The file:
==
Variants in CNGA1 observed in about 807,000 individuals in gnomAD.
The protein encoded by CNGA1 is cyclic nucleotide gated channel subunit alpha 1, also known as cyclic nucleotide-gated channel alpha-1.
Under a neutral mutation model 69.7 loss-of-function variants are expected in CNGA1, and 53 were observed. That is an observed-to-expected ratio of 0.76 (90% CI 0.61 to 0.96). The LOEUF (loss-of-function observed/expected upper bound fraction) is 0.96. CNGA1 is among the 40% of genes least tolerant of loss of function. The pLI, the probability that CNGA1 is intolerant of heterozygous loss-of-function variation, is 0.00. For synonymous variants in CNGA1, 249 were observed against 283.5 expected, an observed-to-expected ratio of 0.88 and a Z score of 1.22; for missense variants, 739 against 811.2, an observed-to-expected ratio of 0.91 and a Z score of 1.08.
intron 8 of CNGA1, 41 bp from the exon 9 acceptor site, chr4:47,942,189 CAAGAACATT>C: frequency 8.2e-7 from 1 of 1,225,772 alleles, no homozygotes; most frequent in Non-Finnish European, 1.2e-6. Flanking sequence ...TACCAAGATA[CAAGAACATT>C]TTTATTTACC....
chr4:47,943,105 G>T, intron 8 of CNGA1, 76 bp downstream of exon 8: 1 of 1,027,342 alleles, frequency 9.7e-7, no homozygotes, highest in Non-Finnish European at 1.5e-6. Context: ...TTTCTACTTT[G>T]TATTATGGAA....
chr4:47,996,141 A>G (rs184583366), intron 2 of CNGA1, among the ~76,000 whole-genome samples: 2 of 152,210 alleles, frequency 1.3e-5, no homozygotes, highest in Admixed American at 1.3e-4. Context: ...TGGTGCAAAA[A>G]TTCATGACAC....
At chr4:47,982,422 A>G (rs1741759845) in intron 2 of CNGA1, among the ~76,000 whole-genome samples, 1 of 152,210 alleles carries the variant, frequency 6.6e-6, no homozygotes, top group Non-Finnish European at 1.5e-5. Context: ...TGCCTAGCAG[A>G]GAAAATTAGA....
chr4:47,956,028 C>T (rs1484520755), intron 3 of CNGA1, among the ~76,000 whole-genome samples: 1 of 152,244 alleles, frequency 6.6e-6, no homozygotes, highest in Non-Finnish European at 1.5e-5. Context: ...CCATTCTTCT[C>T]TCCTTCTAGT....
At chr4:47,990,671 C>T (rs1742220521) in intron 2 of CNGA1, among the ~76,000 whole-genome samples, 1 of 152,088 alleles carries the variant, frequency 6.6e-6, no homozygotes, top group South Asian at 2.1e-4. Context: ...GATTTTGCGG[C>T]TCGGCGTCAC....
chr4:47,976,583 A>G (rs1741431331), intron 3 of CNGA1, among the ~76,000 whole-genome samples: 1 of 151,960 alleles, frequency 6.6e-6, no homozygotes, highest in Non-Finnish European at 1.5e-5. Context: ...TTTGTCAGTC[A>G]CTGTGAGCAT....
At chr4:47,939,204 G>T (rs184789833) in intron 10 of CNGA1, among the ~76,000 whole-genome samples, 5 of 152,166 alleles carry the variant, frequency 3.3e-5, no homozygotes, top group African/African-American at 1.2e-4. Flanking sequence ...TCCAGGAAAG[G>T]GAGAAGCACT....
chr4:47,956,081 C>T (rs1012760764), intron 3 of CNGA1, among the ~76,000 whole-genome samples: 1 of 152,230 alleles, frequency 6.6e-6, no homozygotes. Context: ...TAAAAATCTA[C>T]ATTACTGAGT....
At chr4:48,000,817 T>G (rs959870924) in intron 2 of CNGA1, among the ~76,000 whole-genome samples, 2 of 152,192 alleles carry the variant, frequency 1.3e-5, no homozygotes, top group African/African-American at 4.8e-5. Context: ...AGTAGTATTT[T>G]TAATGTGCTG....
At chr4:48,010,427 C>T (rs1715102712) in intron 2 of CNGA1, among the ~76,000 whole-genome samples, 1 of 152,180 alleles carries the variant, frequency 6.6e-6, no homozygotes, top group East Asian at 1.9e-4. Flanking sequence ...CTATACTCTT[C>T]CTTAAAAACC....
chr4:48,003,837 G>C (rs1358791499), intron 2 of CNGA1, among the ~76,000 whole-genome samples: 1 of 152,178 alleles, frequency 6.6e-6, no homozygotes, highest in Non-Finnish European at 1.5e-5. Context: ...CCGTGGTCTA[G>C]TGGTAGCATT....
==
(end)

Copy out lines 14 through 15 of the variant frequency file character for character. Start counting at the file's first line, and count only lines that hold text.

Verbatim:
At chr4:48,010,427 C>T (rs1715102712) in intron 2 of CNGA1, among the ~76,000 whole-genome samples, 1 of 152,180 alleles carries the variant, frequency 6.6e-6, no homozygotes, top group East Asian at 1.9e-4. Flanking sequence ...CTATACTCTT[C>T]CTTAAAAACC....
chr4:48,003,837 G>C (rs1358791499), intron 2 of CNGA1, among the ~76,000 whole-genome samples: 1 of 152,178 alleles, frequency 6.6e-6, no homozygotes, highest in Non-Finnish European at 1.5e-5. Context: ...CCGTGGTCTA[G>C]TGGTAGCATT....